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USB battery charging (USB-BC)

The specifications of all USB interfaces have also covered power management. Thus, there were already two different power specifications in the specifications of USB 1.0 and USB 2.0 for the supply of connected USB devices: High Power with 5 V and 500 mA and Low Power with 5 V and 100 mA. This was not for charging batteries, but for peripherals such as keyboards and mice.

Independently, developers worked on solutions for charging batteries, which led to proprietary solutions and limited interoperability. USB Battery Charging (USB- BC) was specified to ensure interoperability. The Battery Charging Specification distinguishes between three different ports: the Standard DownstreamPort( SDP), the Charging Downstream Port( CDP) and the Dedicated Charging Port( DCP).

The Standard Downstream Port (SDP) corresponds to the one specified in USB 2.0 as found in laptops and desktops. The maximum load current is 2.5 mA when idle, and 100 mA when active. 500 mA, or 2.5 W respectively, can be achieved with appropriate configuration. With USB 3.0 it is 4.5 W. Connected devices recognize the SDP port by the data lines, which are terminated with 15 kOhm.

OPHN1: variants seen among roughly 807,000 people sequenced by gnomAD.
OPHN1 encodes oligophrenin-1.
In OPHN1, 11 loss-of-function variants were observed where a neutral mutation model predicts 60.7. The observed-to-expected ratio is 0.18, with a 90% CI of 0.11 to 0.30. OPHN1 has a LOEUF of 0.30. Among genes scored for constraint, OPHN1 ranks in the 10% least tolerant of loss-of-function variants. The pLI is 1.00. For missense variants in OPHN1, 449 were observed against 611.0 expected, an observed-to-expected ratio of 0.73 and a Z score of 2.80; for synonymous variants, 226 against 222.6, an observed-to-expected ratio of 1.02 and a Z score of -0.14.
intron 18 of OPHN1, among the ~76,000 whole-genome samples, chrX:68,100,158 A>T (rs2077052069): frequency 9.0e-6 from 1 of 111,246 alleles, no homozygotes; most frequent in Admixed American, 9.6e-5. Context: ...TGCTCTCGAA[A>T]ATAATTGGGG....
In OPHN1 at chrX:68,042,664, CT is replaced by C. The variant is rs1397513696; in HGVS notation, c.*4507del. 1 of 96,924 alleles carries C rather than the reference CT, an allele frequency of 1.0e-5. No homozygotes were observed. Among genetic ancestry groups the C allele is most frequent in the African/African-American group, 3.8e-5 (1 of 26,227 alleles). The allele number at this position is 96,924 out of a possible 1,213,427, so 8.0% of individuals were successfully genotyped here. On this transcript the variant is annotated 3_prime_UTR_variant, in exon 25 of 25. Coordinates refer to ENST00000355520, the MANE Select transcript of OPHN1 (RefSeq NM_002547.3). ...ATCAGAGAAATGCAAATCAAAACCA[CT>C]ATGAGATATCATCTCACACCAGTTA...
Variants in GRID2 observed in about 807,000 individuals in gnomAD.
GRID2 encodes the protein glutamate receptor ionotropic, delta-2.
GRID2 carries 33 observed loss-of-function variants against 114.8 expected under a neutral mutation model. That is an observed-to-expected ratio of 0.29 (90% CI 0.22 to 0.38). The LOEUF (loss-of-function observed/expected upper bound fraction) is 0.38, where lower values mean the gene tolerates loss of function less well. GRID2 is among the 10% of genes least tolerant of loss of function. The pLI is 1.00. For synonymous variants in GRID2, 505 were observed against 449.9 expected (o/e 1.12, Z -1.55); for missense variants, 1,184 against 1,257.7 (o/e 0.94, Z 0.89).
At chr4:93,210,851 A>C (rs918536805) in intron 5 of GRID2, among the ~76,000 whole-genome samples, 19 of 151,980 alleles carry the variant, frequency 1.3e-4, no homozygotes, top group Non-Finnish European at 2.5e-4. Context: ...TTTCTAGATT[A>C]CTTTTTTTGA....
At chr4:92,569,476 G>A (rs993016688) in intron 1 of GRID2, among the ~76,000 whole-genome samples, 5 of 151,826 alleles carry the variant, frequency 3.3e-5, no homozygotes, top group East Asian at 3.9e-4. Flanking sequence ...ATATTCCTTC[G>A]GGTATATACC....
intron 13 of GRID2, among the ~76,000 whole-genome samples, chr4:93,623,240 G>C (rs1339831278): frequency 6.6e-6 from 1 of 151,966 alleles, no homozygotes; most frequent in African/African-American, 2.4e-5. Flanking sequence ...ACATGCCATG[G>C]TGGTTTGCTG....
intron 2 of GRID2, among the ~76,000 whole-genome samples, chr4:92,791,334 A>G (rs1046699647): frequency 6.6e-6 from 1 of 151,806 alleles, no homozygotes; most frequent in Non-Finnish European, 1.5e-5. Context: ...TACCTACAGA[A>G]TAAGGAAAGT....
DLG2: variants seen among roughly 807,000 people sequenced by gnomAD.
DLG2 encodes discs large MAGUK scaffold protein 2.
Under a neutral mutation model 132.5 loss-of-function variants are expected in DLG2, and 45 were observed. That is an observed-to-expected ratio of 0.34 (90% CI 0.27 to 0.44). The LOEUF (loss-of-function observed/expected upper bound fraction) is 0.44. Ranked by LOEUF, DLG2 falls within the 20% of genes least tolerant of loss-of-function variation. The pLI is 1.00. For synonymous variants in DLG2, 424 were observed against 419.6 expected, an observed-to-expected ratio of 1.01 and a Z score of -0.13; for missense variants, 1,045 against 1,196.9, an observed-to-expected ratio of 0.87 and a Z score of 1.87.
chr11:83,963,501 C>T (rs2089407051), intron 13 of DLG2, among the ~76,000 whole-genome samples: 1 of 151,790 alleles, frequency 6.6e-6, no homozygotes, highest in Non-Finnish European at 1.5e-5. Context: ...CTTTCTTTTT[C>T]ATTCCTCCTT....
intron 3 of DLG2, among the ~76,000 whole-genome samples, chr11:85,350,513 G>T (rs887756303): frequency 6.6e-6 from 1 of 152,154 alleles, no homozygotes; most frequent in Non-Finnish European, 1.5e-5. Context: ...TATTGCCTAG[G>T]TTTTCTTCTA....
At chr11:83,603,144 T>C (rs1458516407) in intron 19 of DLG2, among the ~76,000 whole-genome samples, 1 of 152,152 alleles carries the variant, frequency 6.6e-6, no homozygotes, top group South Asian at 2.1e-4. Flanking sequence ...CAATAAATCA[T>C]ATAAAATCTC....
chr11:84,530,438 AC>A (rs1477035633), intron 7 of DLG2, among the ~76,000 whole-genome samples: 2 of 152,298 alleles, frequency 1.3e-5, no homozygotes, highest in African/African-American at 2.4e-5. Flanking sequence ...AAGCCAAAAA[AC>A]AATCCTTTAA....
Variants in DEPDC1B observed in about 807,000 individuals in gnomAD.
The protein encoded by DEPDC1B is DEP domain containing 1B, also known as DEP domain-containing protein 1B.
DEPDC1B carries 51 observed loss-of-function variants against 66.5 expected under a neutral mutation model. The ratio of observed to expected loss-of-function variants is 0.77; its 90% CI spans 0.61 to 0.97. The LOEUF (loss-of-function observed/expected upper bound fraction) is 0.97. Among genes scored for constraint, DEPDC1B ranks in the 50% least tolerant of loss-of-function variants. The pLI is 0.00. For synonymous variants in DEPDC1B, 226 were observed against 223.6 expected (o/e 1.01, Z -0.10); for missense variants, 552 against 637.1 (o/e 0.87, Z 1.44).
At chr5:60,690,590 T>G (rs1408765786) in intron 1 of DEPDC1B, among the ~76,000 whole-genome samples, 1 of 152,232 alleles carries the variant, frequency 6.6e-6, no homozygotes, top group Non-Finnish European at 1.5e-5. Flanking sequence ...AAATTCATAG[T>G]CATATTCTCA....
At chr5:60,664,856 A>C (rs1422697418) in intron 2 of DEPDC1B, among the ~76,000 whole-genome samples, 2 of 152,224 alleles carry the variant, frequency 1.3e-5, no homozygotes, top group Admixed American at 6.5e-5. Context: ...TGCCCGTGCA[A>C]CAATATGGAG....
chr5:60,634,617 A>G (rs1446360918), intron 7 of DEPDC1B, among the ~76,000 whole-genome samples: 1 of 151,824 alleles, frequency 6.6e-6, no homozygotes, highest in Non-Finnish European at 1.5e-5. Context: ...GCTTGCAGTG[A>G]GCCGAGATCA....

The Charging Downstream Port (CDP) is a port specified in USB-BC 1.2 for Battery Charging for personal computers and laptops for 1.5 A current draw. The removable power is 7.5 W. A device connected to the port recognizes it via handshake. And the Dedicated Charging Port (DCP) is designed for 1.8 A and a charging power of 10 W. To configure the DCP port, the two lines of pins D+ and D- are shorted. Connecting the two pins prevents data transfer and signals the mobile devices to be charged that the USB port can only be used to charge the batteries. The DCP port is designed for plug-in power supplies. Higher power levels of up to 100 W are covered by USB Power Delivery( USB-PD).

Principle of power source detection

When charging a battery, the key is to ensure that the charging device senses the current demand of the battery and does not overload it. If the USB charging device can only supply a limited charging current, for example 500 mA, but the battery's state of charge is such that it could be charged with a higher charging current, then there is a risk that the USB Battery Charging will shut down. That is why the USB Charging system has a port detection that ensures compliance and thus avoids faulty switching.

Informations:
Englisch: USB battery charging - USB-BC
Updated at: 22.12.2021
#Words: 382
Links: universal serial bus (USB), power management (PM), interoperability (IOP), bearer capability (BC), service data point (SDP)
Translations: DE
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